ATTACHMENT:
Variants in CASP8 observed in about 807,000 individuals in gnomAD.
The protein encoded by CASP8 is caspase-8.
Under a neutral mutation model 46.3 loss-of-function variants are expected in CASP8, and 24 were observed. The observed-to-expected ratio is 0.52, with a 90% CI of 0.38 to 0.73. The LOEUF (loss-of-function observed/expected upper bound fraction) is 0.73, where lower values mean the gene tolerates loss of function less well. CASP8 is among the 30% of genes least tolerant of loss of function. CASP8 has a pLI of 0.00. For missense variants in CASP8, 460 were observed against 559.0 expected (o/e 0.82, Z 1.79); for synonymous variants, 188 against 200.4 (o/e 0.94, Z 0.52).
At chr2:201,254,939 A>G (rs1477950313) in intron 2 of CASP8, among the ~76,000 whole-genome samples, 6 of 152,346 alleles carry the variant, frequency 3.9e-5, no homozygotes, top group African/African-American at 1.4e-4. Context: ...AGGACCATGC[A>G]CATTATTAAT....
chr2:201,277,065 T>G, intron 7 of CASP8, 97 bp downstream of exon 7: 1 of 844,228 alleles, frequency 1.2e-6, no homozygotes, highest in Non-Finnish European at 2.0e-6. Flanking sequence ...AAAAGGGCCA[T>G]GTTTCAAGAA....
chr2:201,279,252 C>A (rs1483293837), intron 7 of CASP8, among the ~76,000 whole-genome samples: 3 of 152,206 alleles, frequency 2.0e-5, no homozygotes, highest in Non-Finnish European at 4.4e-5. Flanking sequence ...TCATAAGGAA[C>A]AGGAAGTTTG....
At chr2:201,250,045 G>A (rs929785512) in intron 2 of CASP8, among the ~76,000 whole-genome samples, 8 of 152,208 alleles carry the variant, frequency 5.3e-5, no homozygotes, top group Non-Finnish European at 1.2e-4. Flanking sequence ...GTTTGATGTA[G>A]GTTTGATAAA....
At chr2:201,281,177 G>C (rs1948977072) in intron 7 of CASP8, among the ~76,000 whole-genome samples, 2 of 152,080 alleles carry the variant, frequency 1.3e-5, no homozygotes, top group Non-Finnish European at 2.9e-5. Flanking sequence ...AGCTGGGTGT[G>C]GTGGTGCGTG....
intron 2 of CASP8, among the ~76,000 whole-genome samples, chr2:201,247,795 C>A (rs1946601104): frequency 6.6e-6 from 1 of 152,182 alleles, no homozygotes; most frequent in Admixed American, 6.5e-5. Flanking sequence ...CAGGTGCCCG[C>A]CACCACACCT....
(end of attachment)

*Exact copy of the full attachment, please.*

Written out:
Variants in CASP8 observed in about 807,000 individuals in gnomAD.
The protein encoded by CASP8 is caspase-8.
Under a neutral mutation model 46.3 loss-of-function variants are expected in CASP8, and 24 were observed. The observed-to-expected ratio is 0.52, with a 90% CI of 0.38 to 0.73. The LOEUF (loss-of-function observed/expected upper bound fraction) is 0.73, where lower values mean the gene tolerates loss of function less well. CASP8 is among the 30% of genes least tolerant of loss of function. CASP8 has a pLI of 0.00. For missense variants in CASP8, 460 were observed against 559.0 expected (o/e 0.82, Z 1.79); for synonymous variants, 188 against 200.4 (o/e 0.94, Z 0.52).
At chr2:201,254,939 A>G (rs1477950313) in intron 2 of CASP8, among the ~76,000 whole-genome samples, 6 of 152,346 alleles carry the variant, frequency 3.9e-5, no homozygotes, top group African/African-American at 1.4e-4. Context: ...AGGACCATGC[A>G]CATTATTAAT....
chr2:201,277,065 T>G, intron 7 of CASP8, 97 bp downstream of exon 7: 1 of 844,228 alleles, frequency 1.2e-6, no homozygotes, highest in Non-Finnish European at 2.0e-6. Flanking sequence ...AAAAGGGCCA[T>G]GTTTCAAGAA....
chr2:201,279,252 C>A (rs1483293837), intron 7 of CASP8, among the ~76,000 whole-genome samples: 3 of 152,206 alleles, frequency 2.0e-5, no homozygotes, highest in Non-Finnish European at 4.4e-5. Flanking sequence ...TCATAAGGAA[C>A]AGGAAGTTTG....
At chr2:201,250,045 G>A (rs929785512) in intron 2 of CASP8, among the ~76,000 whole-genome samples, 8 of 152,208 alleles carry the variant, frequency 5.3e-5, no homozygotes, top group Non-Finnish European at 1.2e-4. Flanking sequence ...GTTTGATGTA[G>A]GTTTGATAAA....
At chr2:201,281,177 G>C (rs1948977072) in intron 7 of CASP8, among the ~76,000 whole-genome samples, 2 of 152,080 alleles carry the variant, frequency 1.3e-5, no homozygotes, top group Non-Finnish European at 2.9e-5. Flanking sequence ...AGCTGGGTGT[G>C]GTGGTGCGTG....
intron 2 of CASP8, among the ~76,000 whole-genome samples, chr2:201,247,795 C>A (rs1946601104): frequency 6.6e-6 from 1 of 152,182 alleles, no homozygotes; most frequent in Admixed American, 6.5e-5. Flanking sequence ...CAGGTGCCCG[C>A]CACCACACCT....